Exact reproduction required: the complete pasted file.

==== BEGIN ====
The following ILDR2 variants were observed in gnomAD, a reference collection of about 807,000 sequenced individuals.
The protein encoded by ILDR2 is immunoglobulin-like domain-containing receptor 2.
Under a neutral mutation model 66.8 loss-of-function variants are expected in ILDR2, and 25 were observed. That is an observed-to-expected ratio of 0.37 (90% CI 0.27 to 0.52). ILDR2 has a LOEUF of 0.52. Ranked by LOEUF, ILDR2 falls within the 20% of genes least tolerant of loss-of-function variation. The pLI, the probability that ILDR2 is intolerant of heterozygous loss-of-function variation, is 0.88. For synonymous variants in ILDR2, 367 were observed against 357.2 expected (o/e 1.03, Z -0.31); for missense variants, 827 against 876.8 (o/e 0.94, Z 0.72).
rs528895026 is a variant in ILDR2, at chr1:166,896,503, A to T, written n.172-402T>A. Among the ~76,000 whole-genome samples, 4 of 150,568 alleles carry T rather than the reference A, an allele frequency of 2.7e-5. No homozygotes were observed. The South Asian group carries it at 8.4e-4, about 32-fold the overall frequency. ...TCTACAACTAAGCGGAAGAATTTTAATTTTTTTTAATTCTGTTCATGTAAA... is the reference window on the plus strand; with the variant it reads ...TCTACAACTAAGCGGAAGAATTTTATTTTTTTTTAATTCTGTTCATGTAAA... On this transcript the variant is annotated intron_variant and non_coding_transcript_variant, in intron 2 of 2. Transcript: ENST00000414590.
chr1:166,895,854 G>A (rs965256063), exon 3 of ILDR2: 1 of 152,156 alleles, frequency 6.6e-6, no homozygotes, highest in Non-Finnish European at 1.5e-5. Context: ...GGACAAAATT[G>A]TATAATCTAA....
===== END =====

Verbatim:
The following ILDR2 variants were observed in gnomAD, a reference collection of about 807,000 sequenced individuals.
The protein encoded by ILDR2 is immunoglobulin-like domain-containing receptor 2.
Under a neutral mutation model 66.8 loss-of-function variants are expected in ILDR2, and 25 were observed. That is an observed-to-expected ratio of 0.37 (90% CI 0.27 to 0.52). ILDR2 has a LOEUF of 0.52. Ranked by LOEUF, ILDR2 falls within the 20% of genes least tolerant of loss-of-function variation. The pLI, the probability that ILDR2 is intolerant of heterozygous loss-of-function variation, is 0.88. For synonymous variants in ILDR2, 367 were observed against 357.2 expected (o/e 1.03, Z -0.31); for missense variants, 827 against 876.8 (o/e 0.94, Z 0.72).
rs528895026 is a variant in ILDR2, at chr1:166,896,503, A to T, written n.172-402T>A. Among the ~76,000 whole-genome samples, 4 of 150,568 alleles carry T rather than the reference A, an allele frequency of 2.7e-5. No homozygotes were observed. The South Asian group carries it at 8.4e-4, about 32-fold the overall frequency. ...TCTACAACTAAGCGGAAGAATTTTAATTTTTTTTAATTCTGTTCATGTAAA... is the reference window on the plus strand; with the variant it reads ...TCTACAACTAAGCGGAAGAATTTTATTTTTTTTTAATTCTGTTCATGTAAA... On this transcript the variant is annotated intron_variant and non_coding_transcript_variant, in intron 2 of 2. Transcript: ENST00000414590.
chr1:166,895,854 G>A (rs965256063), exon 3 of ILDR2: 1 of 152,156 alleles, frequency 6.6e-6, no homozygotes, highest in Non-Finnish European at 1.5e-5. Context: ...GGACAAAATT[G>A]TATAATCTAA....